Amulet found on the flats below Spanish Hill, South Waverly, PA smeared with red ochre: (more pictures can be found here)

Here is also a historic reference of red ochre being used in a burial by a witness (John Heckwelder) in PA in 1762:

"The lid was then fastened on the coffin with three straps, and three handsome round poles, five or six feet long, were laid across it, near each other, and one in the middle, which were fastened with straps cut up from a tanned elk hide; and a small bag of vermilion paint, with some flannel to lay it on, was then thrust into the coffin through the hole cut out at the head of it. "

Please use the comments link at the bottom of this page to send any info or comments you might have. By adding more accounts and/or reports, you will be adding to the understanding of the use of red ochre in the northeast, that will be available to all.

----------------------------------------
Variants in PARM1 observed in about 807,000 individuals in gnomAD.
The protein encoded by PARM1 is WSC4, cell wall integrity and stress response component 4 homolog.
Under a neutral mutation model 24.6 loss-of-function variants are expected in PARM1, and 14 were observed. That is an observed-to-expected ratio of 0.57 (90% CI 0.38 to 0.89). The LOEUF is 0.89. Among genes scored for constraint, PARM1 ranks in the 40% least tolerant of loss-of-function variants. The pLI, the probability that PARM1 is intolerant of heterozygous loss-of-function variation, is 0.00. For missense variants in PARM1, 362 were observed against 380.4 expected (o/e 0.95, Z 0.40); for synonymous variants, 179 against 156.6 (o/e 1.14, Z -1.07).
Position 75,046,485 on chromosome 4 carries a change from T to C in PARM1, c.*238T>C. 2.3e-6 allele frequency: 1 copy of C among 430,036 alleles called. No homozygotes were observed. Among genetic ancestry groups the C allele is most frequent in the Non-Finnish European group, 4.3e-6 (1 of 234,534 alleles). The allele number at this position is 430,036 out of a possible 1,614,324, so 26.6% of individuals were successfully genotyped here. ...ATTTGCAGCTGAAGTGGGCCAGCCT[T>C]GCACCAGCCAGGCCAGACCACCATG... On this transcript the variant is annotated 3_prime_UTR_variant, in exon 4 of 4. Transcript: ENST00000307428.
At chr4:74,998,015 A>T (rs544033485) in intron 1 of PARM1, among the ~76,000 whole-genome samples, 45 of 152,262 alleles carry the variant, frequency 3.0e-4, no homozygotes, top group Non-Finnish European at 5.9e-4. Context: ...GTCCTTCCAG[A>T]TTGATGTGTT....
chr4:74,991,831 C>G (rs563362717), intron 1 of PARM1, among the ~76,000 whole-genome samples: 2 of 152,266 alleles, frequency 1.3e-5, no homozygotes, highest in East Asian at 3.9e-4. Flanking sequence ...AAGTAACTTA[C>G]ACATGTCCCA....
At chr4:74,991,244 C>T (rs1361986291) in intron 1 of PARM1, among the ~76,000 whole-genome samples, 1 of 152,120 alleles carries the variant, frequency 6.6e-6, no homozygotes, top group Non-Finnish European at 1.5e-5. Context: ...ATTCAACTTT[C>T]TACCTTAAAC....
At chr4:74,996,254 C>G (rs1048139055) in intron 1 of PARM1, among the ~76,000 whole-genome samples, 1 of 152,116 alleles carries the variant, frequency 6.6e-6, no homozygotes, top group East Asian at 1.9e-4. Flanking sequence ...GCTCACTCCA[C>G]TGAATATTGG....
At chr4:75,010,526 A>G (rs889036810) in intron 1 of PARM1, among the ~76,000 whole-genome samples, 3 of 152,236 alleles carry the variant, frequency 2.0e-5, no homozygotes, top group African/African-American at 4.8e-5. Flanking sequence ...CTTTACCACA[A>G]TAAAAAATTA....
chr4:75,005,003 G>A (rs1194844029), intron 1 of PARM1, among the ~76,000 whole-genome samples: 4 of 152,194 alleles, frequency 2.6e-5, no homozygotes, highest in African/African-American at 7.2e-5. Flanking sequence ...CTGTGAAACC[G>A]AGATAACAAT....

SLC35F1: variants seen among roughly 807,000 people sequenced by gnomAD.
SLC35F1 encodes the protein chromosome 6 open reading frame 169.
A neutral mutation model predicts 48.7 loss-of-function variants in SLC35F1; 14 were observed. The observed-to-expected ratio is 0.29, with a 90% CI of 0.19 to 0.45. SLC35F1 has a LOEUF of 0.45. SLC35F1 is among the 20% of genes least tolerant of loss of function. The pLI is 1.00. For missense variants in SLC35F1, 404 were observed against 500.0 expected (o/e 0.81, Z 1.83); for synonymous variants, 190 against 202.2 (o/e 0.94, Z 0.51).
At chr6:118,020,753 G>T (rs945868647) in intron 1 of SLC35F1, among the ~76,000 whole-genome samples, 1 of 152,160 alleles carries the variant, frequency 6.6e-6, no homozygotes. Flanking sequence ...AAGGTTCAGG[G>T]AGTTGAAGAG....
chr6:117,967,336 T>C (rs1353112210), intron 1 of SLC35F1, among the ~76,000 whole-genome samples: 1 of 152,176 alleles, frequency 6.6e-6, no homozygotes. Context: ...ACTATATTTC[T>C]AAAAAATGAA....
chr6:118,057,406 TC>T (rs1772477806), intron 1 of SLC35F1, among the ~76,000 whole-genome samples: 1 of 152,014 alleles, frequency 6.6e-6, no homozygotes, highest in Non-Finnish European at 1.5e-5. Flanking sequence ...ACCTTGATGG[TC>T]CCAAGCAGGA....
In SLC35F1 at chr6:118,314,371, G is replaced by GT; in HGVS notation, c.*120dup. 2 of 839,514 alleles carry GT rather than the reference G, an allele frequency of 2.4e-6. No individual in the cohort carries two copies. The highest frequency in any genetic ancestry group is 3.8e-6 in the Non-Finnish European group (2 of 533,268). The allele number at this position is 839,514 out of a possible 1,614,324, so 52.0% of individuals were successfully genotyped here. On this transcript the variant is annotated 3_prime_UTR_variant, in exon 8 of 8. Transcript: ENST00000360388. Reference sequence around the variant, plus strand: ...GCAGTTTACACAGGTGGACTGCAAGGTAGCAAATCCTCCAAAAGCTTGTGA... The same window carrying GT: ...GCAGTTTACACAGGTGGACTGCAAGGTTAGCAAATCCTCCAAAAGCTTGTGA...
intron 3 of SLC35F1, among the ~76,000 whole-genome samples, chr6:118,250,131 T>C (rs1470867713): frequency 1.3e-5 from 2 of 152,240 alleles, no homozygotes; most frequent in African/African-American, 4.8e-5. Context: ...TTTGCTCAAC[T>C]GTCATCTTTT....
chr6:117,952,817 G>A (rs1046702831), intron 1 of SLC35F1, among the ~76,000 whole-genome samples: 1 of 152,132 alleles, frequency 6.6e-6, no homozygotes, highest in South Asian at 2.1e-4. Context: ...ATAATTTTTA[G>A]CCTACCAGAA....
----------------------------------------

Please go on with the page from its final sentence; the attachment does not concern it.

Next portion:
Thanks in advance for your help in this effort. Use the link below to subscribe to this discussion forum:

Note - the following information was sent to me by Brad Seymour, Office of Cartography & Publications, New York State Museum :

"I had to consult one of our archeologists to answer your question.

The following publications touch on this issue:

Ritchie, W. A., and D. W. Dragoo. 1960. The Eastern Dispersal of Adena. New York State Museum Bulletin 379. The University of the State of New York, Albany, New York.

Ritchie, W.A. Recent discoveries suggesting an Early Woodland Burial Cult in the northeast. New York State Museum Circular 40.

Funk, R. Upper Susquehanna Valley Volume (Volume I) "

Thanks to the NYS Museum for the info!

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Friday, November 23, 2007

Stone Soup

In mid August we began negotiations to buy the building located at 345 Broad Street in Waverly, NY, and in September we paid money down to hold the building and begin the closing process. The owner is financing the sale for us and has made the monthly payments affordable for a non-profit such as us. We are now only waiting for the lawyers to find an acceptable meeting place, date and time to sign the papers, which seems to be time consuming in itself...but we are hoping to close any time and start working!